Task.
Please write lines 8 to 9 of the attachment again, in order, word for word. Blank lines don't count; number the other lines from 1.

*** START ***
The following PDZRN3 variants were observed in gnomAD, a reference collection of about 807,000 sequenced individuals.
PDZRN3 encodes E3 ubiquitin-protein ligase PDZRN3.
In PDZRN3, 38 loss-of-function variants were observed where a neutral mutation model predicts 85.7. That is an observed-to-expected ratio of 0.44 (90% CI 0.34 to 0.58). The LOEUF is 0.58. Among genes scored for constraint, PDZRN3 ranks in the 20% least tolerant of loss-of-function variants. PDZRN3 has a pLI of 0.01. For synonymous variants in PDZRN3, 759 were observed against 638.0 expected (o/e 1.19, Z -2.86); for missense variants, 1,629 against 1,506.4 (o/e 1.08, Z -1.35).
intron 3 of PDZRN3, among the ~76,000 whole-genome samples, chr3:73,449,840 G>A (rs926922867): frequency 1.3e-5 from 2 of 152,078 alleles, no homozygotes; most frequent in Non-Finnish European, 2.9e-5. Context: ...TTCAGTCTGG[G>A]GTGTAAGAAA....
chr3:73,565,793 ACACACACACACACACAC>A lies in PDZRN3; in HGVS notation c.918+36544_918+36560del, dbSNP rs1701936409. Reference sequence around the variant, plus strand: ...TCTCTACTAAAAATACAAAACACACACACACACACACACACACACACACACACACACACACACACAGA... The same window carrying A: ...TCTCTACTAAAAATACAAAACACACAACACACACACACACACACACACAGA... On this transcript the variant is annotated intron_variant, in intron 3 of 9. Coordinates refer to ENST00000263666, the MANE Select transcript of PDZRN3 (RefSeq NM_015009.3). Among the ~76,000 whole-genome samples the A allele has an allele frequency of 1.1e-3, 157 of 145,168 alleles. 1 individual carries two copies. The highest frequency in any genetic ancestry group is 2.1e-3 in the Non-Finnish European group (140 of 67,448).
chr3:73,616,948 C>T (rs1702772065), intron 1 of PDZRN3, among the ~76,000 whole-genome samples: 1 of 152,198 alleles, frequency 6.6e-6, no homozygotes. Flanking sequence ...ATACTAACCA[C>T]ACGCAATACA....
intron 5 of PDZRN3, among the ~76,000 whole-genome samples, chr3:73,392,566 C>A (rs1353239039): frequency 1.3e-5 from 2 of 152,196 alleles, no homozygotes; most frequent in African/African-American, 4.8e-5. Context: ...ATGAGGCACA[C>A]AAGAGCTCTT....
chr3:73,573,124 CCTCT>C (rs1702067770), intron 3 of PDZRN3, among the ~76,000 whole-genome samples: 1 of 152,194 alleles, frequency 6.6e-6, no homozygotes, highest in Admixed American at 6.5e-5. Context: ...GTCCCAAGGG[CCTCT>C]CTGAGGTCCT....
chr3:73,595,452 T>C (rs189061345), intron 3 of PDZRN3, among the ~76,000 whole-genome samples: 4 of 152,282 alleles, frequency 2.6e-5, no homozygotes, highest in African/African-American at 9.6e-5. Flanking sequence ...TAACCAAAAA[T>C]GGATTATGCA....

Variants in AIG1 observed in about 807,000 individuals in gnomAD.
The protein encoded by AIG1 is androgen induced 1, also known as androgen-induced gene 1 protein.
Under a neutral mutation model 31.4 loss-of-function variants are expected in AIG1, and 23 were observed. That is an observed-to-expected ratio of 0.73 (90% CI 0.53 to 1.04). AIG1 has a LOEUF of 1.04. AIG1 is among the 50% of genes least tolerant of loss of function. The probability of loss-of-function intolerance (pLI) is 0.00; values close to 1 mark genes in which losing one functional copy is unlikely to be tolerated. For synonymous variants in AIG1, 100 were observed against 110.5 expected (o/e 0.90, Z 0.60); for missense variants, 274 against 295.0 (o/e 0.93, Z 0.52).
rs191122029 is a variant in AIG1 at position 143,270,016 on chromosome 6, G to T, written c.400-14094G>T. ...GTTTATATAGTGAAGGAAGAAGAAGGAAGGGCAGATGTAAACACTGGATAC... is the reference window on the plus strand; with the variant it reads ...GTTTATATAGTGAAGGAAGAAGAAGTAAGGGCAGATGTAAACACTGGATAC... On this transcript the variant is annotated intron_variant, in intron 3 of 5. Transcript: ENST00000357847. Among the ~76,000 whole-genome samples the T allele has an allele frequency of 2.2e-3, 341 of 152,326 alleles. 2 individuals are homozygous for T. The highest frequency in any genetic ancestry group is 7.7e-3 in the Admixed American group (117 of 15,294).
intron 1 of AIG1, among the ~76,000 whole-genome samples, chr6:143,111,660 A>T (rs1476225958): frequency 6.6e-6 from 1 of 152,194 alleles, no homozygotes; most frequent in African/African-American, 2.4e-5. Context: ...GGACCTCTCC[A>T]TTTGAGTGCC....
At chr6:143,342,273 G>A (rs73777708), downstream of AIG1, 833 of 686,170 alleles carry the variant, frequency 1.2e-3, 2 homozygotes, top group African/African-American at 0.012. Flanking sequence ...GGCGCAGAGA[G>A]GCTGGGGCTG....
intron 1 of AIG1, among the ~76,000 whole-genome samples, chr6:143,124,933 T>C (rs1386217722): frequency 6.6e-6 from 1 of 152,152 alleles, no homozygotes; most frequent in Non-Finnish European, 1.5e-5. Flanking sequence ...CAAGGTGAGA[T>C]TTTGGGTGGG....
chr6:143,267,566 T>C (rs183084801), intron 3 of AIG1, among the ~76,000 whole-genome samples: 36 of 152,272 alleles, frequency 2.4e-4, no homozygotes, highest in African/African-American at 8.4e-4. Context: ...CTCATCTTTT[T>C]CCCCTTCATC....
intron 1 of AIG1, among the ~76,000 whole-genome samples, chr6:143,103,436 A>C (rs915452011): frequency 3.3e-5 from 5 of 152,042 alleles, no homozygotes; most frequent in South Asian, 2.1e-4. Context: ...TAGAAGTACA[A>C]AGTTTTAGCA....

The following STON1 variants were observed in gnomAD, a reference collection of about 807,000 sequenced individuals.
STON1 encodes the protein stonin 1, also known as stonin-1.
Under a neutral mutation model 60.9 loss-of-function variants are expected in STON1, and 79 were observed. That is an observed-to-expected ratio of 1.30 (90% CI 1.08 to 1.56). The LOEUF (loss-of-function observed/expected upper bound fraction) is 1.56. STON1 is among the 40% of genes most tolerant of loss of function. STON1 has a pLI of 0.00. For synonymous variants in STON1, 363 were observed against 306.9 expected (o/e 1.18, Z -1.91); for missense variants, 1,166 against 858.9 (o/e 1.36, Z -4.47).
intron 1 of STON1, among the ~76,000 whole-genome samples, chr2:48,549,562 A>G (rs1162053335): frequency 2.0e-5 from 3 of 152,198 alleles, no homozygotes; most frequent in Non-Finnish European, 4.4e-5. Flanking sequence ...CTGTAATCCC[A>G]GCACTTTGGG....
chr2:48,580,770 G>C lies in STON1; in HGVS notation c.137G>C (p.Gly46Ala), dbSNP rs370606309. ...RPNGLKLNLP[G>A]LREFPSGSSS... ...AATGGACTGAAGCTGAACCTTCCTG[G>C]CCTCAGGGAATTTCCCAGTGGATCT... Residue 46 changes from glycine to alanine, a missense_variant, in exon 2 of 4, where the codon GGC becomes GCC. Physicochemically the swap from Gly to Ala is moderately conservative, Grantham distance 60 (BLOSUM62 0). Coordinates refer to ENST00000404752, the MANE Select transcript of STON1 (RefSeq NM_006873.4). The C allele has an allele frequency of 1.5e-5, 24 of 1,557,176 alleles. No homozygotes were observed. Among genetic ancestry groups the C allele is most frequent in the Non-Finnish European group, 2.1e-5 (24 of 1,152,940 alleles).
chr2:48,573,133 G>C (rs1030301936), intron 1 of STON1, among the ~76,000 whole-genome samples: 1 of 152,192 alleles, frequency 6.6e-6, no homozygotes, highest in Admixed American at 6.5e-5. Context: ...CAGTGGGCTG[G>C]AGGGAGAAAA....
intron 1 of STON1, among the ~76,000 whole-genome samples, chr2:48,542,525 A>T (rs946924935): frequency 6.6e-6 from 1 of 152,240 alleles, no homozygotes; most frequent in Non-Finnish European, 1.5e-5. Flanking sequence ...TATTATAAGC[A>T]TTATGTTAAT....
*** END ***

chr3:73,573,124 CCTCT>C (rs1702067770), intron 3 of PDZRN3, among the ~76,000 whole-genome samples: 1 of 152,194 alleles, frequency 6.6e-6, no homozygotes, highest in Admixed American at 6.5e-5. Context: ...GTCCCAAGGG[CCTCT>C]CTGAGGTCCT....
chr3:73,595,452 T>C (rs189061345), intron 3 of PDZRN3, among the ~76,000 whole-genome samples: 4 of 152,282 alleles, frequency 2.6e-5, no homozygotes, highest in African/African-American at 9.6e-5. Flanking sequence ...TAACCAAAAA[T>C]GGATTATGCA....